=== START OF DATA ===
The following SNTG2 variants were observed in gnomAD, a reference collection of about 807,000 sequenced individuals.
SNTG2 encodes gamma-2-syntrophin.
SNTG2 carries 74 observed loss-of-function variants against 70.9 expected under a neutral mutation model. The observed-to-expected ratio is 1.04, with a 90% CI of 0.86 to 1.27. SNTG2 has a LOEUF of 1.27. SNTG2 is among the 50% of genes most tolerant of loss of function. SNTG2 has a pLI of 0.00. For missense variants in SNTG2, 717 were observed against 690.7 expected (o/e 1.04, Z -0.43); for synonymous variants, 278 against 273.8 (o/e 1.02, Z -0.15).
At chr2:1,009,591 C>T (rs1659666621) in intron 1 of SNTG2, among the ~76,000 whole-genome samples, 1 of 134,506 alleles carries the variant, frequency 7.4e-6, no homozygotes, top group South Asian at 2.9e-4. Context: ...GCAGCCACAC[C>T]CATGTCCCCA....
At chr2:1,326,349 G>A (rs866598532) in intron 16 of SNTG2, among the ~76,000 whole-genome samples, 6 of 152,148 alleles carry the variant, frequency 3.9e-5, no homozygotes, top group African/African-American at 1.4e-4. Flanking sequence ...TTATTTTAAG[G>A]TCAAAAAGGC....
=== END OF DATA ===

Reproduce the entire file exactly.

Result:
The following SNTG2 variants were observed in gnomAD, a reference collection of about 807,000 sequenced individuals.
SNTG2 encodes gamma-2-syntrophin.
SNTG2 carries 74 observed loss-of-function variants against 70.9 expected under a neutral mutation model. The observed-to-expected ratio is 1.04, with a 90% CI of 0.86 to 1.27. SNTG2 has a LOEUF of 1.27. SNTG2 is among the 50% of genes most tolerant of loss of function. SNTG2 has a pLI of 0.00. For missense variants in SNTG2, 717 were observed against 690.7 expected (o/e 1.04, Z -0.43); for synonymous variants, 278 against 273.8 (o/e 1.02, Z -0.15).
At chr2:1,009,591 C>T (rs1659666621) in intron 1 of SNTG2, among the ~76,000 whole-genome samples, 1 of 134,506 alleles carries the variant, frequency 7.4e-6, no homozygotes, top group South Asian at 2.9e-4. Context: ...GCAGCCACAC[C>T]CATGTCCCCA....
At chr2:1,326,349 G>A (rs866598532) in intron 16 of SNTG2, among the ~76,000 whole-genome samples, 6 of 152,148 alleles carry the variant, frequency 3.9e-5, no homozygotes, top group African/African-American at 1.4e-4. Flanking sequence ...TTATTTTAAG[G>A]TCAAAAAGGC....